In the News, this morning, an article about NY's Afghan restaurants, and how no one is eating at them, and how they're quickly going to go broke; the people who run them are, of course, in nearly all cases immigrants who came here to escape the war during the 80s, or the Taliban since. And the new total of people still missing is a little over 5,400 -- evidently the additional 700 weren't reported until yesterday; I imagine many relatives, companies, etc., were still holding out hope. A friend in Australia has told me 100 Aussies have been killed; a friend in Germany says anywhere up to 200-some Germans were killed; and of course 500 Brits. 100 Russians. And U.S. citizens who, being New Yorkers, were of every possible background, every color and creed. Christians, Jews, Muslims, Hindus.
     An attack on Civilization, period.
     I need to talk to my father again tonight, to see how he is doing. Two weeks ago, tomorrow, my stepmother suddenly died, as you and some others know (she was 52). Her funeral was September 8, and then 3 days later...thoughts of her vanished from my mind, mostly, since last Tuesday, and that makes me feel sad, but even so I can only move forward. I know I didn't come close to processing her death, but at some point I suppose I will -- or maybe I already have, in this new world. I honestly don't know.
     I'm not as scared today as I was yesterday. I can't imagine this will last; today is Ros Ha'shanah, NY is quiet yet again -- this time, for better reason then has recently been the case -- and, clearly, something is in the air. But I don't know what, and until that something occurs, I can only do what I have been trying to do for some years -- since I came down with the TB, really, back in early 1997; and again, after Jenna died, back in March -- and that is, live one day at a time. The thing is, I have been *trying* to do this; and I think, now, I finally am.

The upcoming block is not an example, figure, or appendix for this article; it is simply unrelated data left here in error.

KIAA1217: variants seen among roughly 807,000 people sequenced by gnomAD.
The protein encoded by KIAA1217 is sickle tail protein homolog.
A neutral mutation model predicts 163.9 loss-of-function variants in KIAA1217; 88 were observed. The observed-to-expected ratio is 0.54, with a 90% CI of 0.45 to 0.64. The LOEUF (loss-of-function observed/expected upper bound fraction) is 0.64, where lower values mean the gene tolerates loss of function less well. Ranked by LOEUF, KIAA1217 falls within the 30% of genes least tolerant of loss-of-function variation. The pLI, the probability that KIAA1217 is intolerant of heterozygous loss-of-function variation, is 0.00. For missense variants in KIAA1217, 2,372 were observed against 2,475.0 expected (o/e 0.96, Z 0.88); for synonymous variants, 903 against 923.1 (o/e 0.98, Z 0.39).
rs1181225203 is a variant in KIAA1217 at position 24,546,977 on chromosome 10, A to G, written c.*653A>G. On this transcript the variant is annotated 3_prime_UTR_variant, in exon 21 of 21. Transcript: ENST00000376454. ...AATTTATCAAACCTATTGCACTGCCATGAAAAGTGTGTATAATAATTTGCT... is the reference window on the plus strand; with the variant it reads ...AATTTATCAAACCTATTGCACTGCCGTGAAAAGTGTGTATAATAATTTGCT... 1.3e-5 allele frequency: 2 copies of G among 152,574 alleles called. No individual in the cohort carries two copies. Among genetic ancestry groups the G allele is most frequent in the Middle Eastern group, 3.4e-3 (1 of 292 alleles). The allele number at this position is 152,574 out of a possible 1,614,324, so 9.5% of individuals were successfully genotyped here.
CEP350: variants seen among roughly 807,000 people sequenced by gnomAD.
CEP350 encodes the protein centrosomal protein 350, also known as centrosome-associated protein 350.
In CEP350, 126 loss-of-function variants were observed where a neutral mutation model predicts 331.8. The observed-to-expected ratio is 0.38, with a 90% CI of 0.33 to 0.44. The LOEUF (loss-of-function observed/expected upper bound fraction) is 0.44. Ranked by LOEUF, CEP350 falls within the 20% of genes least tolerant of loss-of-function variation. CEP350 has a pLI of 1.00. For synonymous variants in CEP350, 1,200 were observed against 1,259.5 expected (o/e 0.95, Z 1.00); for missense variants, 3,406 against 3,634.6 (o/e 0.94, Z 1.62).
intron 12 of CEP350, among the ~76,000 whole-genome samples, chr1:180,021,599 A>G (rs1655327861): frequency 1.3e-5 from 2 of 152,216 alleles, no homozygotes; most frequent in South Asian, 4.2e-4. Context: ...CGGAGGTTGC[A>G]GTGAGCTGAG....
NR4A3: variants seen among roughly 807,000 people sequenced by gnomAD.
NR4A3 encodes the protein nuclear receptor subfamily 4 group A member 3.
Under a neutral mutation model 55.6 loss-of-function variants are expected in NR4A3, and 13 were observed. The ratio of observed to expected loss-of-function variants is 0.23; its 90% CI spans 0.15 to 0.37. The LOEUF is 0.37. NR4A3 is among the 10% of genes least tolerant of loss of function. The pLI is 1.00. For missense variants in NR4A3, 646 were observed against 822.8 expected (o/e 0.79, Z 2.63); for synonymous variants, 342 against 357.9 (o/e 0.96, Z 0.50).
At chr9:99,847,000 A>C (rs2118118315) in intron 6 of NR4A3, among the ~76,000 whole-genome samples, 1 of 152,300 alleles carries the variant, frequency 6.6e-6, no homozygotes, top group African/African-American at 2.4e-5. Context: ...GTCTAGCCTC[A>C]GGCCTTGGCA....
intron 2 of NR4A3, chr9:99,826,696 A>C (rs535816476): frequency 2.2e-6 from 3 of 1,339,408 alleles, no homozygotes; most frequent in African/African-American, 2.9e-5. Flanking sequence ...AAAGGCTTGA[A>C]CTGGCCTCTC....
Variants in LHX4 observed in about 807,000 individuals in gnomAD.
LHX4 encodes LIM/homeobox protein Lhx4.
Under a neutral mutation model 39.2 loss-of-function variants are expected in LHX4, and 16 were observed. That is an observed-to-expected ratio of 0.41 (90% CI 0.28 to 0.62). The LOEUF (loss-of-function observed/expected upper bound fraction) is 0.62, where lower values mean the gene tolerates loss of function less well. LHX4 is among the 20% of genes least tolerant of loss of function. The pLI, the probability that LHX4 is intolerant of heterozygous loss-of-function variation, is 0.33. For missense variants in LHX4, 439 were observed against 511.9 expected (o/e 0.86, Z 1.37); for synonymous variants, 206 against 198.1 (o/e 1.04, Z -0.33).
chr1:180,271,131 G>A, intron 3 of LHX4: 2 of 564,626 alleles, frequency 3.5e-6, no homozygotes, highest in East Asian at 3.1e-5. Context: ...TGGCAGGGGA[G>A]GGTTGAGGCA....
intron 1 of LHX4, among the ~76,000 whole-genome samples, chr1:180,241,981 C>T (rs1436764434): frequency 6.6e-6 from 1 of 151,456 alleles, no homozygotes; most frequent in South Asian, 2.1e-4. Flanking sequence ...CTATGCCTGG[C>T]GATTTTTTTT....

It is the most real of all unreal feelings, to be doing so.

Jonathan Carroll has just sent the following, which I pass along.

Friends, I had an idea today and it may be nuts but maybe not. I know you're all in touch one way or another with people in the computer community worldwide and they're in touch with others, etcetera. Here's my idea, for what it's worth. Computer hackers are often thought of as nasty little shits who fuck up everybody's day for no reason(s) other than to be annoying. But what if for once they put their minds to a real and important task-- what if that hacker community worldwide tried in break to the computer networks of the terrorists? The Greatest Challenge, the greatest "game" ever posed them and any results would be, well, heroic.
     What if this message or something like it was sent out far and wide to these computer experts? A genuine call to arms to people who believe nothing justifies what was done in New York the other day and now knowledgeable, talented people must do what they can to fight it far and wide. For hackers that means crack their systems, figure out what they're saying, give the results to the people who can put it to good use, etcetera. Do exactly what they've been doing all along - hack the system - but this time do it for something that means saving lives everywhere. I leave the thought in your hands,